Apple’s biggest project ever has been 13 years in the making. It’s finally ready.
Wired released the first walkthrough taken by writer, Steven Levy, and infamous Apple designer, Johnathan (Jony) Ive. The history of this campus is rooted in the vision Steve Jobs had for Apple.
Jobs’ vision shaped the campus at each step, with an architect recalling the input Jobs had – “He knew exactly what timber he wanted, but not just ‘I like oak’ or ‘I like maple.’ He knew it had to be quarter-cut. It had to be cut in the winter, ideally in January, to have the least amount of sap and sugar content. We were all sitting there, architects with grey hair, going, ‘Holy shit!’”.
One of Levy’s exchanges with Ive sets the tone for the piece, and for the campus itself –
“This might be a stupid question,” I say. “But why do you need a four-story glass door?”
Ive raises an eyebrow. “Well,” he says. “It depends how you define need, doesn’t it?”
Some of the biggest and best features of the $USD 5 billion project look – on the surface – to be mere decoration. But when you consider that Ives’ ethos of design is about so much more than simply what is necessary, the bigger picture presents itself.
Giant glass doors
The sliding glass doors along the exterior of the café extend the full four stories of the building. Weighing 440,000 pounds each, they open and close quietly via mechanisms hidden underground.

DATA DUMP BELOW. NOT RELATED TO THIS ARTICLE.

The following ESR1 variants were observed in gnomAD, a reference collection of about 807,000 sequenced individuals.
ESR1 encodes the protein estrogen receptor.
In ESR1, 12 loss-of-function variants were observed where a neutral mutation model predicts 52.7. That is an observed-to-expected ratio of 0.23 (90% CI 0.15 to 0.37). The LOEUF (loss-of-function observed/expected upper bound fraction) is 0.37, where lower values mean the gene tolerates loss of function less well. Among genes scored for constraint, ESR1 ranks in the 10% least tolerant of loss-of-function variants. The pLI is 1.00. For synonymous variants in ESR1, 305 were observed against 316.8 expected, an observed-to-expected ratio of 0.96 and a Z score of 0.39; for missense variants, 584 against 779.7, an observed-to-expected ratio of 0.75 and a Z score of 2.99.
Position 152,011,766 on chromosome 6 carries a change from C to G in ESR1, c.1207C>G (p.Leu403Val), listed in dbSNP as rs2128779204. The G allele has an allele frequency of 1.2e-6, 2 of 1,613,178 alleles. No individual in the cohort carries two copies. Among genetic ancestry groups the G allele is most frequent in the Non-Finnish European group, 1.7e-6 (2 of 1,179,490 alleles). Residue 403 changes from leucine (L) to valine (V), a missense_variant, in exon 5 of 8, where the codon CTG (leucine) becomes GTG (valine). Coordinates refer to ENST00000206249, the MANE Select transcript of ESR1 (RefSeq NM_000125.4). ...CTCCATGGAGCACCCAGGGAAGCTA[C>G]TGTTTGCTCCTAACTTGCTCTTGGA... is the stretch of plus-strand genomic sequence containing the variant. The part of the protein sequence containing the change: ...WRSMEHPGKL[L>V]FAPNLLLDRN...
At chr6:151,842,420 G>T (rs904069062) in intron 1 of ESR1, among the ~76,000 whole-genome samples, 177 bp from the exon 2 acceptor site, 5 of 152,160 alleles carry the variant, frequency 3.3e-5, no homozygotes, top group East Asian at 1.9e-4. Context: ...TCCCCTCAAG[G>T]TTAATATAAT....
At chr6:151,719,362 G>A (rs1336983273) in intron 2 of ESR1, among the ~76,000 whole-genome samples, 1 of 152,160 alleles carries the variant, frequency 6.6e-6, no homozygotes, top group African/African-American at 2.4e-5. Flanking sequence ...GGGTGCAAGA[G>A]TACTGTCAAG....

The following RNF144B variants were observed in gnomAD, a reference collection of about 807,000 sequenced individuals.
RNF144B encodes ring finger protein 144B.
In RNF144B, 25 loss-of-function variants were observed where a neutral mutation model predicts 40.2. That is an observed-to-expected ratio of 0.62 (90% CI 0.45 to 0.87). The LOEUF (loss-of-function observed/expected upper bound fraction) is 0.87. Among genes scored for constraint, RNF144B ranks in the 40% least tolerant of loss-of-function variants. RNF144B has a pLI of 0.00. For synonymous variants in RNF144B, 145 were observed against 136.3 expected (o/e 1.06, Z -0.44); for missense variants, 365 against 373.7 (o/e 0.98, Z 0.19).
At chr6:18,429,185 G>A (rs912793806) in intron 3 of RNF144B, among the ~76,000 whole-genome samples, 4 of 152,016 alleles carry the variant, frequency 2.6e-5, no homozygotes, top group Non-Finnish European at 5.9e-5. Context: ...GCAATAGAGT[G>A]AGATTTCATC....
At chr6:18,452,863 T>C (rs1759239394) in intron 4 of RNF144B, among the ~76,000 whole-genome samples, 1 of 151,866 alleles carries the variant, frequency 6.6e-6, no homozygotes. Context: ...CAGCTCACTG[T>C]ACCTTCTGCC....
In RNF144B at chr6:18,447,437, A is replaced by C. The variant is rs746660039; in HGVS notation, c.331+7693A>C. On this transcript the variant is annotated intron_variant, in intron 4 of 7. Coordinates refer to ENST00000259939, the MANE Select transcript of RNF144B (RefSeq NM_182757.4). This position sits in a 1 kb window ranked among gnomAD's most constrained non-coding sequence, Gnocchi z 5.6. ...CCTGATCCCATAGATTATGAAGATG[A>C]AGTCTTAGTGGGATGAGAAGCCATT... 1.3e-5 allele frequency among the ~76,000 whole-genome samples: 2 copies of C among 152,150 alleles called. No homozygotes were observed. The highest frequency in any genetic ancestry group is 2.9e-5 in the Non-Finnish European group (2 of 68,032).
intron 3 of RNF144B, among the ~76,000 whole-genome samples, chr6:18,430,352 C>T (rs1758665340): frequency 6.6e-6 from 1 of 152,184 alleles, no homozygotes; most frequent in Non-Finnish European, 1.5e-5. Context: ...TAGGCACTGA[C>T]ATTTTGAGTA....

Apple’s penchant for big, showy glass is no surprise. Look at any Apple store.
The building’s exterior fins use recent design discoveries to avoid those ugly dried rain streaks, so the kilometres of glass will be kept pristine with little human effort.
Jobs did his best thinking during long walks in nature, and he envisioned a tree-filled campus where Apple workers could find inspiration in what one architect calls Jobs’ “idealised California.” Apple will plant almost 9,000 trees, all of them drought-tolerant so that they can survive a climate crisis.
To withstand earthquakes, the Ring is mounted on huge steel base isolators that ensure the building can move up to 4.5 feet in any direction without losing its vital services. “I love that the ambition was about more than just surviving,” Ive says. “The building could still function.”
Here’s some insight into what can be achieved with 13 years of work.